Corruption And Its Deadly Effects By Olumide Ijose

A time of grave social and economic tension is a time to again examine the role corruption has played in shaping the opportunities available for Nigerians, especially the middle and working class and the poor.Nigeria, a country with great income inequality and a predominantly young population, is ravaged by internecine conflicts, from creeks of the Niger Delta through to the semi-arid region of Maiduguri. Millions worry about their ability to earn a decent livelihood and while most display extraordinary resilience, there is an underlying rumble of discontent, that can easily result in the destructive behaviour that tears countries to pieces.

Nigeria is blessed with an abundance of natural resources, especially the crude oil that has been the great source of energy powering the global economy for the last 60 years. The export of crude has generated hundreds of billions of dollar yet the country’s stock of fixed infrastructure is extremely substandard and good jobs are hard to find. The country is constantly rated low on the UN Development Index and high in ratings of corruption. Corruption is so pervasive, that it has become a culture and in all its forms, is the accepted practice for getting things done. The country is paying a high price as corruption reduces the efficiency of resource allocations and greatly degrades returns to the capital investments that should be the basis of economic competitiveness and job creation.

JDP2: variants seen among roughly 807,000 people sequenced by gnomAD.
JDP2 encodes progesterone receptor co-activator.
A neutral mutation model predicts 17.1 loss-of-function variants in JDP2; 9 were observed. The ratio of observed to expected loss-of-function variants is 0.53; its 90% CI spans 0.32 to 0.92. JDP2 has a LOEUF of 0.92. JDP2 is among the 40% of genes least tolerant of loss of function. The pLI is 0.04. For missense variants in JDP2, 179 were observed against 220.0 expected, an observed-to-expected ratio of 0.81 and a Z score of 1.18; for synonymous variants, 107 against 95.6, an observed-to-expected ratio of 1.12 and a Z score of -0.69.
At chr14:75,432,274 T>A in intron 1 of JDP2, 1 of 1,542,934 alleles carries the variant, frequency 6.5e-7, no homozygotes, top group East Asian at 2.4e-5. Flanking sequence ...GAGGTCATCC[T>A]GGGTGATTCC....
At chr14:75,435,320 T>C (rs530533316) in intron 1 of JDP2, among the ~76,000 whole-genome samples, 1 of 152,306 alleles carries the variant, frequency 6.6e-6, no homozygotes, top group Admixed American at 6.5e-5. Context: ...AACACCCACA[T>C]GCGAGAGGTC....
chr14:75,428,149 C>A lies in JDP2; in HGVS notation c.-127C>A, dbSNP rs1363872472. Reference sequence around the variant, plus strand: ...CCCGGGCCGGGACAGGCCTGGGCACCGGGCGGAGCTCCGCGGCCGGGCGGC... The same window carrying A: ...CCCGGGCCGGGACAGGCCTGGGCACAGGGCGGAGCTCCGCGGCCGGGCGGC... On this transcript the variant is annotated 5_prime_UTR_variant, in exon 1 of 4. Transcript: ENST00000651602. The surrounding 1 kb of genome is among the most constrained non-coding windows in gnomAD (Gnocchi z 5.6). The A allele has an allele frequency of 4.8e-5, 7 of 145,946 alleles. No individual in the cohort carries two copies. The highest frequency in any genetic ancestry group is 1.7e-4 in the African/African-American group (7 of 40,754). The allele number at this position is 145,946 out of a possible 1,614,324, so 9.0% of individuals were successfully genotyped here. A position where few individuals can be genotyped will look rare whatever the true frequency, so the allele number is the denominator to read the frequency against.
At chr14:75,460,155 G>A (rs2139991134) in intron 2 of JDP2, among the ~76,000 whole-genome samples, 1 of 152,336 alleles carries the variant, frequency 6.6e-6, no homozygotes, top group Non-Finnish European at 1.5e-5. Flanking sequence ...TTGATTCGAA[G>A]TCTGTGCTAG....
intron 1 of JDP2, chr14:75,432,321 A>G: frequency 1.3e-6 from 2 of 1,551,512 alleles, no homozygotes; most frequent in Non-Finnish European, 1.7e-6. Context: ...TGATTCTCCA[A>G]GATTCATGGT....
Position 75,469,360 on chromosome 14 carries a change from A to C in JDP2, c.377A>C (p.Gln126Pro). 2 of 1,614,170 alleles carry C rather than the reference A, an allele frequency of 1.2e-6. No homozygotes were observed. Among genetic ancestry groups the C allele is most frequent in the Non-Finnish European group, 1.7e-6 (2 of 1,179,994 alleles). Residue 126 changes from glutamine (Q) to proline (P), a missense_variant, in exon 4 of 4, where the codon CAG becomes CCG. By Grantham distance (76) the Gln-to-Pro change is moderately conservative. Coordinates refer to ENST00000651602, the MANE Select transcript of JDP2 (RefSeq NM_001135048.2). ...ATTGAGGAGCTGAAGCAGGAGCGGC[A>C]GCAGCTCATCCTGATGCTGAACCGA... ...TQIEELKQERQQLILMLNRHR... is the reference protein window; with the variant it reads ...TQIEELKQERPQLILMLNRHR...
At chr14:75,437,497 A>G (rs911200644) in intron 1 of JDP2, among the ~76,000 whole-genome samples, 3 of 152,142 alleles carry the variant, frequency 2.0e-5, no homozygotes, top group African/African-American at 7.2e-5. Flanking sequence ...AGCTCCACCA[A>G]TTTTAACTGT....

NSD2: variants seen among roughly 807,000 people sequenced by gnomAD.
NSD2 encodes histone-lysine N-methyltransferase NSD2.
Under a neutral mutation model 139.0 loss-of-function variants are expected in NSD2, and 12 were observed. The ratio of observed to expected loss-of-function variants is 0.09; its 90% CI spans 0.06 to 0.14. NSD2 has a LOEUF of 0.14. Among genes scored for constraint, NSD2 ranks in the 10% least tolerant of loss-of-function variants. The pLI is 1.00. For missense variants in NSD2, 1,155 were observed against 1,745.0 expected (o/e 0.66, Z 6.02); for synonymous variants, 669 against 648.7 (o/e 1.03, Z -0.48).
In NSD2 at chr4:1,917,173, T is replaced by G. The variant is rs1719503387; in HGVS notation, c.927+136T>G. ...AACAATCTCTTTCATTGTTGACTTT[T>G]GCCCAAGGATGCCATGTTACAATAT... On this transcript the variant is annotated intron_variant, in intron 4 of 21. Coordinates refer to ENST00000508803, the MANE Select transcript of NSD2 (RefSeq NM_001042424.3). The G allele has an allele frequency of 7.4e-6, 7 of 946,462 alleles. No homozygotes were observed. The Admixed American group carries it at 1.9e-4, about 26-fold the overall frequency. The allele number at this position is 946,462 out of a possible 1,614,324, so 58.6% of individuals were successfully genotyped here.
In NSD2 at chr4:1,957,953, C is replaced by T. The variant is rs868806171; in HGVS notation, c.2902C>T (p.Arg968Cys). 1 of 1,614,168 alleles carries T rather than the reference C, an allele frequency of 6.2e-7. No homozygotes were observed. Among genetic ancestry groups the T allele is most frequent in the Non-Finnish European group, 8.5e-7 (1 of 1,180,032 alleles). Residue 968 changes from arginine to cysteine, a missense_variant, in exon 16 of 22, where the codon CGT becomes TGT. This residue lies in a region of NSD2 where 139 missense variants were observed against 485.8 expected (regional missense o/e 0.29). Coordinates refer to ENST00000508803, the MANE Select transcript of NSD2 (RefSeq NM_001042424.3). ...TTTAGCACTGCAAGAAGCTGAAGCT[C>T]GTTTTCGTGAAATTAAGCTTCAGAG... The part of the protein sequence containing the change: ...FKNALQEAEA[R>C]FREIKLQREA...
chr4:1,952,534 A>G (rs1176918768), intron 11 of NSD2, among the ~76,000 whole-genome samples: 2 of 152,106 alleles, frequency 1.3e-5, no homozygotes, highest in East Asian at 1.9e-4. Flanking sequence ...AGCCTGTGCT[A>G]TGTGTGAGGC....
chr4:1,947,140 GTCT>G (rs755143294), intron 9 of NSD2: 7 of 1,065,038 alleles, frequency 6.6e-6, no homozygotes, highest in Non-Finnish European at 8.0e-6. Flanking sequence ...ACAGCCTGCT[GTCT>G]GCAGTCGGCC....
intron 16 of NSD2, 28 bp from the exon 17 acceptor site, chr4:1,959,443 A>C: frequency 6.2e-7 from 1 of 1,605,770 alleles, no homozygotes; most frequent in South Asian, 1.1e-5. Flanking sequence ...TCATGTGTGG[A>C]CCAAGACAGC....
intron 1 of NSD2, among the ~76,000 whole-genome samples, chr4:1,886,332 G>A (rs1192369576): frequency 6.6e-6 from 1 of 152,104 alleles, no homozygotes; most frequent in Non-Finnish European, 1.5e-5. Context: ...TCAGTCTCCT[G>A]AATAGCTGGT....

Each time a corrupt act occurs, the country stagnates in a way that may not be readily discernible to the actors but in a manner that unravels the moral fabric of the country, devalues its institutions and rules, and corrodes national values. However, the most alarming fact is the continued inability of the government to confront corruption, an inability that is based on complicity, implicit ignorance of the impact of corruption, plain selfishness and lack of will and courage to tackle the scourge. Nigeria will not become a great country until corruption is eradicated and the longer government tarries in actually fighting corruption, the greater the gap between the capability of the country to create jobs and actual job creation will be. This is compounded by the fact that crude oil is not only a declining resources, the demand for the commodity is slowly ebbing away. In essence, the effects of lack of investment in quality public education, infrastructure that has occurred over the last 30 years may be a condition that will be impossible to reverse unless there is an urgent drive to truly deal with corruption.

Government officials like to say that “corruption is fighting back” leaving one to wonder why corruption is not fighting back and winning in any advanced country or the major emerging economies. In fact, these countries understand the corrosiveness of corruption and make the identification and aggressive pushback against the menace a primary responsibility. The statement is clearly meant as a defense for an inability to tackle corruption effectively, a condition that should be unacceptable to all Nigerians. That a government that controls the judiciary, the police and the financial system cannot effectively check corruption rewards the corrupt and points towards a disdain for ordinary Nigerians.